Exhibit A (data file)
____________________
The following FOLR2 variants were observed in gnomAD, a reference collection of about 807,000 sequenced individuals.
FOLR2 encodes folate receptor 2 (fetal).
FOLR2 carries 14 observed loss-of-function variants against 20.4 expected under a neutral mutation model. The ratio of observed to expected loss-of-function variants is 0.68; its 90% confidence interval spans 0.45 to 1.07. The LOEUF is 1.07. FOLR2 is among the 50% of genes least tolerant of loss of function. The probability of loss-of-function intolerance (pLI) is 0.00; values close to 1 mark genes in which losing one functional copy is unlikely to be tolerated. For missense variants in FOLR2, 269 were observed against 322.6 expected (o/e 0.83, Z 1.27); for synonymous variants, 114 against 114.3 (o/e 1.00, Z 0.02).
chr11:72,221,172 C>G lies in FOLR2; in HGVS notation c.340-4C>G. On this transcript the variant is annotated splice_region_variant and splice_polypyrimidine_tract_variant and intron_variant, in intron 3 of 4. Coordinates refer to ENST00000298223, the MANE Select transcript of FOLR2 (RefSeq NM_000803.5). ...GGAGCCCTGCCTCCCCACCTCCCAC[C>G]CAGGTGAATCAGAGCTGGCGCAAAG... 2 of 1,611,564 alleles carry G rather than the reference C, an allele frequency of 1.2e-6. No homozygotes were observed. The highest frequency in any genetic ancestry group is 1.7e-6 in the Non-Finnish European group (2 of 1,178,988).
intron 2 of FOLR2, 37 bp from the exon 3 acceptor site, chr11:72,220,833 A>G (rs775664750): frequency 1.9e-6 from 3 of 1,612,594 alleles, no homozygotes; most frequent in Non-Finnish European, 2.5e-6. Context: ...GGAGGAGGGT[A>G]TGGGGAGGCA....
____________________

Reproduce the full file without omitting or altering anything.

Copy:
The following FOLR2 variants were observed in gnomAD, a reference collection of about 807,000 sequenced individuals.
FOLR2 encodes folate receptor 2 (fetal).
FOLR2 carries 14 observed loss-of-function variants against 20.4 expected under a neutral mutation model. The ratio of observed to expected loss-of-function variants is 0.68; its 90% confidence interval spans 0.45 to 1.07. The LOEUF is 1.07. FOLR2 is among the 50% of genes least tolerant of loss of function. The probability of loss-of-function intolerance (pLI) is 0.00; values close to 1 mark genes in which losing one functional copy is unlikely to be tolerated. For missense variants in FOLR2, 269 were observed against 322.6 expected (o/e 0.83, Z 1.27); for synonymous variants, 114 against 114.3 (o/e 1.00, Z 0.02).
chr11:72,221,172 C>G lies in FOLR2; in HGVS notation c.340-4C>G. On this transcript the variant is annotated splice_region_variant and splice_polypyrimidine_tract_variant and intron_variant, in intron 3 of 4. Coordinates refer to ENST00000298223, the MANE Select transcript of FOLR2 (RefSeq NM_000803.5). ...GGAGCCCTGCCTCCCCACCTCCCAC[C>G]CAGGTGAATCAGAGCTGGCGCAAAG... 2 of 1,611,564 alleles carry G rather than the reference C, an allele frequency of 1.2e-6. No homozygotes were observed. The highest frequency in any genetic ancestry group is 1.7e-6 in the Non-Finnish European group (2 of 1,178,988).
intron 2 of FOLR2, 37 bp from the exon 3 acceptor site, chr11:72,220,833 A>G (rs775664750): frequency 1.9e-6 from 3 of 1,612,594 alleles, no homozygotes; most frequent in Non-Finnish European, 2.5e-6. Context: ...GGAGGAGGGT[A>G]TGGGGAGGCA....